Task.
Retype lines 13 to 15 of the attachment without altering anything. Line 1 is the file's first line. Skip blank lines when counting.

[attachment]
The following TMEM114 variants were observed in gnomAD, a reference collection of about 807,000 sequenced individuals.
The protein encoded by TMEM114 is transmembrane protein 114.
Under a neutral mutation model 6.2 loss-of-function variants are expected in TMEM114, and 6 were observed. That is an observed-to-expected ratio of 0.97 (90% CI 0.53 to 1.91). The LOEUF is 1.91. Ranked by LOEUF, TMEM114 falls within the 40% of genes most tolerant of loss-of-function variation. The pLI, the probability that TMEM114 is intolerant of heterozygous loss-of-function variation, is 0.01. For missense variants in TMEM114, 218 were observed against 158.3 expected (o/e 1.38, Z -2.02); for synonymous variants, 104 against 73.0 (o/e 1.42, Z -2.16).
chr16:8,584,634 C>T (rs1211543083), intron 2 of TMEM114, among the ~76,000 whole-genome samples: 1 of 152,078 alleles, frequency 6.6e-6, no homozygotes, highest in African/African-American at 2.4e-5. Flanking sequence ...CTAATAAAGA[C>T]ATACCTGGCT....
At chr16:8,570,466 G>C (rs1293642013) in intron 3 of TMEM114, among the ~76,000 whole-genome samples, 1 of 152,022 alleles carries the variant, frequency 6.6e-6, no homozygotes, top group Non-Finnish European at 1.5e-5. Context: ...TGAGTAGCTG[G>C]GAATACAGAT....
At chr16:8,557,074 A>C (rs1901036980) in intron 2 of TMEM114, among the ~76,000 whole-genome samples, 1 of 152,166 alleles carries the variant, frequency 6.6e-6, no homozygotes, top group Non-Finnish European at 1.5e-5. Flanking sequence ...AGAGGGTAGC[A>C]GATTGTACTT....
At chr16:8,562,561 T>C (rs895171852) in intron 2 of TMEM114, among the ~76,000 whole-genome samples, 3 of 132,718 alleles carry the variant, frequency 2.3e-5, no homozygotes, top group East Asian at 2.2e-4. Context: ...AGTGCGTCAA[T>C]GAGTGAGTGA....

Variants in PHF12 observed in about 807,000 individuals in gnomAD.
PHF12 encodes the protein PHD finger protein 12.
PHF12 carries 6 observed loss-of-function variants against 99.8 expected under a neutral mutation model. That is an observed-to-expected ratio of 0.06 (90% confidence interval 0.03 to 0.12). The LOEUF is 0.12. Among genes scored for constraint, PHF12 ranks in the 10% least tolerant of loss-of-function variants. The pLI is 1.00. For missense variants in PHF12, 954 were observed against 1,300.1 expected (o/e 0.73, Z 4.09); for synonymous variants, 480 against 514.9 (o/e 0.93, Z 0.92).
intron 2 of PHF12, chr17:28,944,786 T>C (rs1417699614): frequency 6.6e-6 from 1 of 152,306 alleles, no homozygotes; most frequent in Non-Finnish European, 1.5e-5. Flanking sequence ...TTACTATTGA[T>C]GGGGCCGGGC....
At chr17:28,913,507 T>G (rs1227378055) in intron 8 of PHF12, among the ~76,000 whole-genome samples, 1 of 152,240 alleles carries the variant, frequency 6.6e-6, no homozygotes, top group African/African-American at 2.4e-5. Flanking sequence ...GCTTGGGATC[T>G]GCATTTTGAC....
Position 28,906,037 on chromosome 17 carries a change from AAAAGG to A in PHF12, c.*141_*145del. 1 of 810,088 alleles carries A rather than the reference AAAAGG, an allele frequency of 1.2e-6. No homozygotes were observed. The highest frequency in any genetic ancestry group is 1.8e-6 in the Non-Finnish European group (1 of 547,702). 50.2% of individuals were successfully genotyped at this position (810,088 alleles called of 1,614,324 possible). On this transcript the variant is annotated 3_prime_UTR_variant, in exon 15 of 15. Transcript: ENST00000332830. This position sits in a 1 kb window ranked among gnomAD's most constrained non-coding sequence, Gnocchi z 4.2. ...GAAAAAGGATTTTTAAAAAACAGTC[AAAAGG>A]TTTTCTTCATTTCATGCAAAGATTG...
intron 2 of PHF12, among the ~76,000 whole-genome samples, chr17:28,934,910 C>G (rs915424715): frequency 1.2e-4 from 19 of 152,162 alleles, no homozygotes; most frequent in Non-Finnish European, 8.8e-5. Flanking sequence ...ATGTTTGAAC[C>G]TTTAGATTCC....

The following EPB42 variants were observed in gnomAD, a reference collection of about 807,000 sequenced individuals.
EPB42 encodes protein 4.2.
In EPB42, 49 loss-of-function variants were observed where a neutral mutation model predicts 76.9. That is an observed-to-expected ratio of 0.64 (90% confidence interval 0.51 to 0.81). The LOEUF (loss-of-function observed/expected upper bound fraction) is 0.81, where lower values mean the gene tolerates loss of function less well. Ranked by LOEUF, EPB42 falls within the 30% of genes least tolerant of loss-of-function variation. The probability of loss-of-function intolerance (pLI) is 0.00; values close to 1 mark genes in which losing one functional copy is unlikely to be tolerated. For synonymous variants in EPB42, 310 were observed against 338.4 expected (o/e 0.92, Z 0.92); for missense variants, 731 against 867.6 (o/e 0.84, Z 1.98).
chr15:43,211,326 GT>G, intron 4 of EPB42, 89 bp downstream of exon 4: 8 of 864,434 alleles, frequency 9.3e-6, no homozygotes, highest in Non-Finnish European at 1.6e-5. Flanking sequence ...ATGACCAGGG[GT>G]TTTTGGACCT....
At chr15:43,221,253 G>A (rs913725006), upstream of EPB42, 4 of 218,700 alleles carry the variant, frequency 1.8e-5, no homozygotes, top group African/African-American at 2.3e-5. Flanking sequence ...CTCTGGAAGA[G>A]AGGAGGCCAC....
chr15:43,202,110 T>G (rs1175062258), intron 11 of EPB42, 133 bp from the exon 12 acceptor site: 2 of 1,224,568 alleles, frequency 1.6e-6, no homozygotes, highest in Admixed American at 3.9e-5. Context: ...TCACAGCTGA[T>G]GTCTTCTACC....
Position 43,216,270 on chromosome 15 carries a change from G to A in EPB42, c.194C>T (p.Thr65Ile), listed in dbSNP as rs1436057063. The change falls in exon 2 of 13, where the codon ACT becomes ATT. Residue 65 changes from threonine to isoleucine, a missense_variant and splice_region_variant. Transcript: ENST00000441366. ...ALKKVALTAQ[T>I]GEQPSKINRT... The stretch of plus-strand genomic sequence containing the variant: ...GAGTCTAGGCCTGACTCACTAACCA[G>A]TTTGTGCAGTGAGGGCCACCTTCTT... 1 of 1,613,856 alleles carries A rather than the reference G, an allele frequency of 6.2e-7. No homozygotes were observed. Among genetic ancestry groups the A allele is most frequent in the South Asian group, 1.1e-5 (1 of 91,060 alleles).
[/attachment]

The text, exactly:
Position 28,906,037 on chromosome 17 carries a change from AAAAGG to A in PHF12, c.*141_*145del. 1 of 810,088 alleles carries A rather than the reference AAAAGG, an allele frequency of 1.2e-6. No homozygotes were observed. The highest frequency in any genetic ancestry group is 1.8e-6 in the Non-Finnish European group (1 of 547,702). 50.2% of individuals were successfully genotyped at this position (810,088 alleles called of 1,614,324 possible). On this transcript the variant is annotated 3_prime_UTR_variant, in exon 15 of 15. Transcript: ENST00000332830. This position sits in a 1 kb window ranked among gnomAD's most constrained non-coding sequence, Gnocchi z 4.2. ...GAAAAAGGATTTTTAAAAAACAGTC[AAAAGG>A]TTTTCTTCATTTCATGCAAAGATTG...
intron 2 of PHF12, among the ~76,000 whole-genome samples, chr17:28,934,910 C>G (rs915424715): frequency 1.2e-4 from 19 of 152,162 alleles, no homozygotes; most frequent in Non-Finnish European, 8.8e-5. Flanking sequence ...ATGTTTGAAC[C>G]TTTAGATTCC....

The following EPB42 variants were observed in gnomAD, a reference collection of about 807,000 sequenced individuals.